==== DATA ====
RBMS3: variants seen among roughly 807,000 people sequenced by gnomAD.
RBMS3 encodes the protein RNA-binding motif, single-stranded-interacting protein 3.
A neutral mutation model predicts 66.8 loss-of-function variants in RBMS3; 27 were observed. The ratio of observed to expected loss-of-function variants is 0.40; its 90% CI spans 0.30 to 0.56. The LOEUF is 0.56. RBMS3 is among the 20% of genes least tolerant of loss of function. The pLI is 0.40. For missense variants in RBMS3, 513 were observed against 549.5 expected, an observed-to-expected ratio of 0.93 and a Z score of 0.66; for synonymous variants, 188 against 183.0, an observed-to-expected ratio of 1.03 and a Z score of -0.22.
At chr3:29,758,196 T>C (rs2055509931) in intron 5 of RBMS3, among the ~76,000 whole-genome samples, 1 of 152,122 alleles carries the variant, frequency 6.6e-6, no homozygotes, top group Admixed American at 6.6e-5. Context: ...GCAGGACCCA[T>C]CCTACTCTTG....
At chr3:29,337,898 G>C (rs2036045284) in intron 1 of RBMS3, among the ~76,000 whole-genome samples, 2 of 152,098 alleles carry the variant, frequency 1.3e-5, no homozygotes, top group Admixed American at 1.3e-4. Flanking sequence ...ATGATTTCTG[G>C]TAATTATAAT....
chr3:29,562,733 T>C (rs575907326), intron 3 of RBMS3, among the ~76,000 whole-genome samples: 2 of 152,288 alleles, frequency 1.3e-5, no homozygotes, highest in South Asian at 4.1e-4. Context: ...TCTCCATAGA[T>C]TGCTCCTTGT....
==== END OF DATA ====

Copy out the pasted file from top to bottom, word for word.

RBMS3: variants seen among roughly 807,000 people sequenced by gnomAD.
RBMS3 encodes the protein RNA-binding motif, single-stranded-interacting protein 3.
A neutral mutation model predicts 66.8 loss-of-function variants in RBMS3; 27 were observed. The ratio of observed to expected loss-of-function variants is 0.40; its 90% CI spans 0.30 to 0.56. The LOEUF is 0.56. RBMS3 is among the 20% of genes least tolerant of loss of function. The pLI is 0.40. For missense variants in RBMS3, 513 were observed against 549.5 expected, an observed-to-expected ratio of 0.93 and a Z score of 0.66; for synonymous variants, 188 against 183.0, an observed-to-expected ratio of 1.03 and a Z score of -0.22.
At chr3:29,758,196 T>C (rs2055509931) in intron 5 of RBMS3, among the ~76,000 whole-genome samples, 1 of 152,122 alleles carries the variant, frequency 6.6e-6, no homozygotes, top group Admixed American at 6.6e-5. Context: ...GCAGGACCCA[T>C]CCTACTCTTG....
At chr3:29,337,898 G>C (rs2036045284) in intron 1 of RBMS3, among the ~76,000 whole-genome samples, 2 of 152,098 alleles carry the variant, frequency 1.3e-5, no homozygotes, top group Admixed American at 1.3e-4. Flanking sequence ...ATGATTTCTG[G>C]TAATTATAAT....
chr3:29,562,733 T>C (rs575907326), intron 3 of RBMS3, among the ~76,000 whole-genome samples: 2 of 152,288 alleles, frequency 1.3e-5, no homozygotes, highest in South Asian at 4.1e-4. Context: ...TCTCCATAGA[T>C]TGCTCCTTGT....